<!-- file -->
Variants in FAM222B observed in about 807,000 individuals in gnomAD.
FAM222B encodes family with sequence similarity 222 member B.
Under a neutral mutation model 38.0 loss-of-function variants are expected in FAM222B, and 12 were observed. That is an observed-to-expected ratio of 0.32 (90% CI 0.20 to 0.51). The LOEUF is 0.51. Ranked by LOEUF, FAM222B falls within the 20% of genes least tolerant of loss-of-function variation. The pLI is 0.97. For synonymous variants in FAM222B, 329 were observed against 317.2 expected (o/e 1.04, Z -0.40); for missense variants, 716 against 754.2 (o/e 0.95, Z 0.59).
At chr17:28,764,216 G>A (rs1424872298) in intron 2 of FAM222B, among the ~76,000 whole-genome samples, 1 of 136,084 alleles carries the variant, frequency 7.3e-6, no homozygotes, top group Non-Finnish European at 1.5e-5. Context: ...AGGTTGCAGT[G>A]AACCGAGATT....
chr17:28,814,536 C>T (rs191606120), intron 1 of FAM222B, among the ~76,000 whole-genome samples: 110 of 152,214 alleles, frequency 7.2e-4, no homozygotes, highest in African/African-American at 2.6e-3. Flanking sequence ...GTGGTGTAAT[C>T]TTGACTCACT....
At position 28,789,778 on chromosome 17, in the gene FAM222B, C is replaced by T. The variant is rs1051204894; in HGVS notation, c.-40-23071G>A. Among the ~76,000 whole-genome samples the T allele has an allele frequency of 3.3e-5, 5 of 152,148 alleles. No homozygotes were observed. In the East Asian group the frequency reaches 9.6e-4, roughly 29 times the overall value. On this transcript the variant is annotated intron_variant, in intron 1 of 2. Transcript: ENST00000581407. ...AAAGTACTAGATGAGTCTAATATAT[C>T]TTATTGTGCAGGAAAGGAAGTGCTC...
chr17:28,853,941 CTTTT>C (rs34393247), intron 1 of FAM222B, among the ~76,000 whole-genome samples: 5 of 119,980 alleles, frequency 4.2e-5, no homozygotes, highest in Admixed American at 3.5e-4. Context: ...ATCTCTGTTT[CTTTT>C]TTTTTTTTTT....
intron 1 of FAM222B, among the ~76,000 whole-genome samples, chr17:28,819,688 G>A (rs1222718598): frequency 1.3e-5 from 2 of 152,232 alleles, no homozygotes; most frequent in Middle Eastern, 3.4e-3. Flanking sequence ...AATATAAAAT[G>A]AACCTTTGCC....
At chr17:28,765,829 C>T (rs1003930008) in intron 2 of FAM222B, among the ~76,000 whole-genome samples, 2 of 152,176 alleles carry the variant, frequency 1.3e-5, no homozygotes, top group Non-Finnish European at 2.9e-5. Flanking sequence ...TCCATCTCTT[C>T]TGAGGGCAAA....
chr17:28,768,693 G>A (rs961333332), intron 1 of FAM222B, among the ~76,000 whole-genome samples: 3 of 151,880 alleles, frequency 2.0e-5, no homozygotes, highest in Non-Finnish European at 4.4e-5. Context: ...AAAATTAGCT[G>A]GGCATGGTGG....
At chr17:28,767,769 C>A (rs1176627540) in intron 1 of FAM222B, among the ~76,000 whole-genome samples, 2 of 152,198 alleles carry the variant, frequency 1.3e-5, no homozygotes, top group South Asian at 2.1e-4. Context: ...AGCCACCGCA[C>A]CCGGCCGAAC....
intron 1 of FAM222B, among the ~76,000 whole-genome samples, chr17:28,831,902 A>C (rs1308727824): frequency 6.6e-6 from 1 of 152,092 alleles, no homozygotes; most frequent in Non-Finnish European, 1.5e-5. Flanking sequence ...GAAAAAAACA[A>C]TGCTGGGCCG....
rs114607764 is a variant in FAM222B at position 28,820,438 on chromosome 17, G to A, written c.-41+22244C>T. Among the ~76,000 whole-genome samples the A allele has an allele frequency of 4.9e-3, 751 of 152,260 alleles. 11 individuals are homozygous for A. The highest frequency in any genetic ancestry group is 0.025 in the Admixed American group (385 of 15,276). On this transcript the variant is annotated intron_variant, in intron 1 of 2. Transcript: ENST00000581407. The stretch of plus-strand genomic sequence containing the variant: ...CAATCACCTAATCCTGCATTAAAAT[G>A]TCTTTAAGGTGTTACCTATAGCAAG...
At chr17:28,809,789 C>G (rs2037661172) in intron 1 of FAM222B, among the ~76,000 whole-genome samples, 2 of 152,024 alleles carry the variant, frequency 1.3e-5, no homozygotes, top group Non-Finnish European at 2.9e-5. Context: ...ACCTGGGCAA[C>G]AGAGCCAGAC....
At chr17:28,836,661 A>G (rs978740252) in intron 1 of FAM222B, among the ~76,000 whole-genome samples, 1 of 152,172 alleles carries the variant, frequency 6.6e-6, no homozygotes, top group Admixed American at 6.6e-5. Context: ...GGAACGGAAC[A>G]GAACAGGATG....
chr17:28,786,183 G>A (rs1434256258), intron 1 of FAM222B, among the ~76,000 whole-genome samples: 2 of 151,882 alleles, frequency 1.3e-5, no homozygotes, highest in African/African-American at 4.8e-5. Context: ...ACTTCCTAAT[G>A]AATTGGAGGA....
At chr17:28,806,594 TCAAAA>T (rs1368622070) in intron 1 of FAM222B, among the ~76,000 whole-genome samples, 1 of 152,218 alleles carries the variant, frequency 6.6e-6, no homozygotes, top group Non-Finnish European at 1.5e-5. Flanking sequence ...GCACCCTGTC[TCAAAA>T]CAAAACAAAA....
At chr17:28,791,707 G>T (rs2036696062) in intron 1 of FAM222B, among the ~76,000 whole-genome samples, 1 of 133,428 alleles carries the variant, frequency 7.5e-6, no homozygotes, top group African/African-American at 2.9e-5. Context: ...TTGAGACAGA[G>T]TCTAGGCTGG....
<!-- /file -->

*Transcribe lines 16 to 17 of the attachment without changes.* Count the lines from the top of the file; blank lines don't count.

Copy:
chr17:28,786,183 G>A (rs1434256258), intron 1 of FAM222B, among the ~76,000 whole-genome samples: 2 of 151,882 alleles, frequency 1.3e-5, no homozygotes, highest in African/African-American at 4.8e-5. Context: ...ACTTCCTAAT[G>A]AATTGGAGGA....
At chr17:28,806,594 TCAAAA>T (rs1368622070) in intron 1 of FAM222B, among the ~76,000 whole-genome samples, 1 of 152,218 alleles carries the variant, frequency 6.6e-6, no homozygotes, top group Non-Finnish European at 1.5e-5. Flanking sequence ...GCACCCTGTC[TCAAAA>T]CAAAACAAAA....